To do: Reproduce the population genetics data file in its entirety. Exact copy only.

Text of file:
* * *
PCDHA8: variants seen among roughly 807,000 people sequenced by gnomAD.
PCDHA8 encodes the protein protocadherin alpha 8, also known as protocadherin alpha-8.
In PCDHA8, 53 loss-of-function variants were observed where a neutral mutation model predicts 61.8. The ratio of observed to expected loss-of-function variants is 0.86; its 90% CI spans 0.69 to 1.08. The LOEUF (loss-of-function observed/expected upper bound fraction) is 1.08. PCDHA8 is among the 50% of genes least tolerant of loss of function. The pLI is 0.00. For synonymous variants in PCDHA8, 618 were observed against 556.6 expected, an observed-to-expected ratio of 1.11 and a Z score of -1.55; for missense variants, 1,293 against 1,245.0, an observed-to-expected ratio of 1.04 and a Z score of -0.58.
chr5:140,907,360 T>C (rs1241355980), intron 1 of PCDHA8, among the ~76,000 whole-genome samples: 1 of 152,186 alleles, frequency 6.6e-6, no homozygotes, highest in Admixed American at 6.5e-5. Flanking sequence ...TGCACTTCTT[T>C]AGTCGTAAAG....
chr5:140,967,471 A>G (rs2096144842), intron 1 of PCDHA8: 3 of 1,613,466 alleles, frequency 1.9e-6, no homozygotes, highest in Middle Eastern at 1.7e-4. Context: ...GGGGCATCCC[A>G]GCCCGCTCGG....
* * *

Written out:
PCDHA8: variants seen among roughly 807,000 people sequenced by gnomAD.
PCDHA8 encodes the protein protocadherin alpha 8, also known as protocadherin alpha-8.
In PCDHA8, 53 loss-of-function variants were observed where a neutral mutation model predicts 61.8. The ratio of observed to expected loss-of-function variants is 0.86; its 90% CI spans 0.69 to 1.08. The LOEUF (loss-of-function observed/expected upper bound fraction) is 1.08. PCDHA8 is among the 50% of genes least tolerant of loss of function. The pLI is 0.00. For synonymous variants in PCDHA8, 618 were observed against 556.6 expected, an observed-to-expected ratio of 1.11 and a Z score of -1.55; for missense variants, 1,293 against 1,245.0, an observed-to-expected ratio of 1.04 and a Z score of -0.58.
chr5:140,907,360 T>C (rs1241355980), intron 1 of PCDHA8, among the ~76,000 whole-genome samples: 1 of 152,186 alleles, frequency 6.6e-6, no homozygotes, highest in Admixed American at 6.5e-5. Flanking sequence ...TGCACTTCTT[T>C]AGTCGTAAAG....
chr5:140,967,471 A>G (rs2096144842), intron 1 of PCDHA8: 3 of 1,613,466 alleles, frequency 1.9e-6, no homozygotes, highest in Middle Eastern at 1.7e-4. Context: ...GGGGCATCCC[A>G]GCCCGCTCGG....